ceiling moulding

Water Stains & Blemishes: Ceiling Remedies Before Painting 

Ceilings are often a neglected surface of a home as they are hard to reach and serve a functional purpose, not usually an aesthetic one. That is, until a water stain or blemish appears that can make an entire room look unkempt. 

Unsightly stains can indicate a larger problem other than an ugly ring on your ceiling. The telltale rings and markings are evidence that there is a water issue in your house that needs remediation before repair and repainting of the ceiling can take place. 

As a professional painting company, we suggest four steps to remedying your water stain or blemish: repair, clean, prime, and paint

Let’s take a deeper dive into each of these so you can quickly eliminate the conspicuous stain before it becomes an eyesore. 

bedroom

Determine & Repair the Root Cause of the Stain 

Before you can remove the stain or markings from your ceiling, it is in your best interest to determine what caused the stain in the first place. 

Sadly, there are any number of issues that could be causing the stain from appearing (and possibly reappearing). One of the most common issues, that requires a visit from a roofing inspector and roofing professional, is a leaky roof or associated issues such as compromised shingles, flashing, or sealing around roof exhaust vents. 

Second to roofing issues comes the plumbing factor. Leaky pipes below second floor bathrooms could be an issue that will require a visit from a plumber. A plumber could determine if the stain is caused by leaky pipes, a leaky radiator, or even an HVAC system that is malfunctioning.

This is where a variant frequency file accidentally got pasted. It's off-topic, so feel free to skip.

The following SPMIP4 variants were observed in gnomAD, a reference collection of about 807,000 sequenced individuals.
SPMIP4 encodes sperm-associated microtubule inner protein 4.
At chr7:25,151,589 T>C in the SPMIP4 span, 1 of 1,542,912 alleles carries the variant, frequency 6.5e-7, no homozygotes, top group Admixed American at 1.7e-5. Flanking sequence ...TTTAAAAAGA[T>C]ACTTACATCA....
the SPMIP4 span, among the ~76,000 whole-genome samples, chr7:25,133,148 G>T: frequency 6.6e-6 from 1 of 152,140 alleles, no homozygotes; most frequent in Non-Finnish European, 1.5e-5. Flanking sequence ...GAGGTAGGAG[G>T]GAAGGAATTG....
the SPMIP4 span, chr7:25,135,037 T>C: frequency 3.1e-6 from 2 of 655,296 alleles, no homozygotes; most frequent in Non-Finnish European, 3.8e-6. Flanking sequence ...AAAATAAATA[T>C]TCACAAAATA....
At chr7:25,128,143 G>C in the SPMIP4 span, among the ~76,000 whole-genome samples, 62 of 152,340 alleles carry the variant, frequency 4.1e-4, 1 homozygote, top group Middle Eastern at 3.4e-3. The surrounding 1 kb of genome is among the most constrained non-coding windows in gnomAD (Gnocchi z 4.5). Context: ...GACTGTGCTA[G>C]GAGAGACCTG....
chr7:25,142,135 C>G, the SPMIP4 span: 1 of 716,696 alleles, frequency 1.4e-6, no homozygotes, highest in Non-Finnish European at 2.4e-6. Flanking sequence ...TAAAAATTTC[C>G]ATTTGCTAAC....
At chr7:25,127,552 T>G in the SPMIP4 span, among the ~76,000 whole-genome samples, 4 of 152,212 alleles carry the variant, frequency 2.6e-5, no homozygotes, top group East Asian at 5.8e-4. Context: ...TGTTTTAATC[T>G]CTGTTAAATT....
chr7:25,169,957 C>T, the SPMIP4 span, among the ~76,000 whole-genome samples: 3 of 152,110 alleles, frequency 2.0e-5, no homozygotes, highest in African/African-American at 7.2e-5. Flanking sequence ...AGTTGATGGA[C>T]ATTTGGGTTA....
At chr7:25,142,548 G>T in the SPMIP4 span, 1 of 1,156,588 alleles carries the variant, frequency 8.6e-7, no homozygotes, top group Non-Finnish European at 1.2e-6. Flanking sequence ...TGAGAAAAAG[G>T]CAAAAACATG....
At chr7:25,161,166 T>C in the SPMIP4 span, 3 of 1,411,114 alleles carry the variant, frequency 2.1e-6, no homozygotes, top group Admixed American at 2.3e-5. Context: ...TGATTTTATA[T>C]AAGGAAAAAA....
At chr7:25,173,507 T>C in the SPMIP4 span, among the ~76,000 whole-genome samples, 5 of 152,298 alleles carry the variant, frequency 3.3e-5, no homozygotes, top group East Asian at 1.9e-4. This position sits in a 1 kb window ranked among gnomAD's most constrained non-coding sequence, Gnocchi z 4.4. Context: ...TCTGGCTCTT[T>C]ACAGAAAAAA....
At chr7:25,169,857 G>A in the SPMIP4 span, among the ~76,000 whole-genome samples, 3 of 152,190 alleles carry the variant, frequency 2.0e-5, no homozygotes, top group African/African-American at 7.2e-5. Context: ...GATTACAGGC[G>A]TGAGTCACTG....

No matter what the root cause, you will need to resolve the issue so your ceilings can remain dry and free of blemishes and possibly mold that could result from moisture issues. 

sponge

Clean The Area Thoroughly 

Once a water stain has made its mark on your ceiling, you will want to remove the mark as soon as possible to reduce the risk of mold or mildew from forming around the mark. 

To do this, you will need a mixture of ⅓ bleach, ⅔ water in a spray bottle. Begin by laying a tarp on the floor below the blemish and cover all furnishings and items that you don’t want to accidentally bleach. 

Spray a fine mist of the mixture on the ceiling and blot away the excess. Let it dry. Do this several times until the stain is removed. You may want to use a hair dryer to speed drying or, if you are patient, spend a few hours spraying and drying. Be sure not to rub or scrape at the ceiling as you may wipe off parts of the texture, especially if you have a popcorn or textured ceiling pattern. 

Use Stain Blocking Primer 

Choose a primer that is not water soluble, but rather water blocking that will not allow the stain to show through should the bleach remedy not work as well as you had hoped. High-quality stain-blocking primers are readily available at Benjamin Moore dealers. Check out the many options and tinted selections as well. 

Final Coat 

Now that you have remedied the root cause, treated the stain, and primed the area, you are ready for a final coat of your ceiling paint. Be sure to clean the area of the ceiling that you will be painting to be sure there are no cobwebs or dirt that could mess up your paint project. 

For more tips on things you should and shouldn’t do to remedy your ceiling blemishes check out our recent blog on “Ceiling Dos and Don’ts.”